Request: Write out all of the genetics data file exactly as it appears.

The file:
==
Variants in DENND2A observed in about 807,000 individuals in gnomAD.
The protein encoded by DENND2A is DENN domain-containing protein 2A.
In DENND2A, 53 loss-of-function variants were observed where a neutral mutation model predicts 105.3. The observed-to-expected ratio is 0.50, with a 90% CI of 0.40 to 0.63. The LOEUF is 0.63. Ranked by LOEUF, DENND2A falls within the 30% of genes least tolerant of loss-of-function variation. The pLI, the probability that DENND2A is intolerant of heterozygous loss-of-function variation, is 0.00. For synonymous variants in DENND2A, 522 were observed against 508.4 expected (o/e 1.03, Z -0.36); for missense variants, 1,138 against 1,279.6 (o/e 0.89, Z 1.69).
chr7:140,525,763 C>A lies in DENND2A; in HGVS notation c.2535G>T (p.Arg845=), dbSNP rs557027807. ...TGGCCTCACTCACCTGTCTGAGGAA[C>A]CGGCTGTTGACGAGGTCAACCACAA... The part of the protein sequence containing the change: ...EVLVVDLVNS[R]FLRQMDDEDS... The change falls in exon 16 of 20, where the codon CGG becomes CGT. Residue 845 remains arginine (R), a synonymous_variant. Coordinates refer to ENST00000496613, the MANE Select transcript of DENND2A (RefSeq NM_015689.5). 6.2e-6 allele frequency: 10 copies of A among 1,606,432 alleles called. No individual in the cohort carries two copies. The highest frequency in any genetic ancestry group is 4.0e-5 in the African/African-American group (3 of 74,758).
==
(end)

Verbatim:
Variants in DENND2A observed in about 807,000 individuals in gnomAD.
The protein encoded by DENND2A is DENN domain-containing protein 2A.
In DENND2A, 53 loss-of-function variants were observed where a neutral mutation model predicts 105.3. The observed-to-expected ratio is 0.50, with a 90% CI of 0.40 to 0.63. The LOEUF is 0.63. Ranked by LOEUF, DENND2A falls within the 30% of genes least tolerant of loss-of-function variation. The pLI, the probability that DENND2A is intolerant of heterozygous loss-of-function variation, is 0.00. For synonymous variants in DENND2A, 522 were observed against 508.4 expected (o/e 1.03, Z -0.36); for missense variants, 1,138 against 1,279.6 (o/e 0.89, Z 1.69).
chr7:140,525,763 C>A lies in DENND2A; in HGVS notation c.2535G>T (p.Arg845=), dbSNP rs557027807. ...TGGCCTCACTCACCTGTCTGAGGAA[C>A]CGGCTGTTGACGAGGTCAACCACAA... The part of the protein sequence containing the change: ...EVLVVDLVNS[R]FLRQMDDEDS... The change falls in exon 16 of 20, where the codon CGG becomes CGT. Residue 845 remains arginine (R), a synonymous_variant. Coordinates refer to ENST00000496613, the MANE Select transcript of DENND2A (RefSeq NM_015689.5). 6.2e-6 allele frequency: 10 copies of A among 1,606,432 alleles called. No individual in the cohort carries two copies. The highest frequency in any genetic ancestry group is 4.0e-5 in the African/African-American group (3 of 74,758).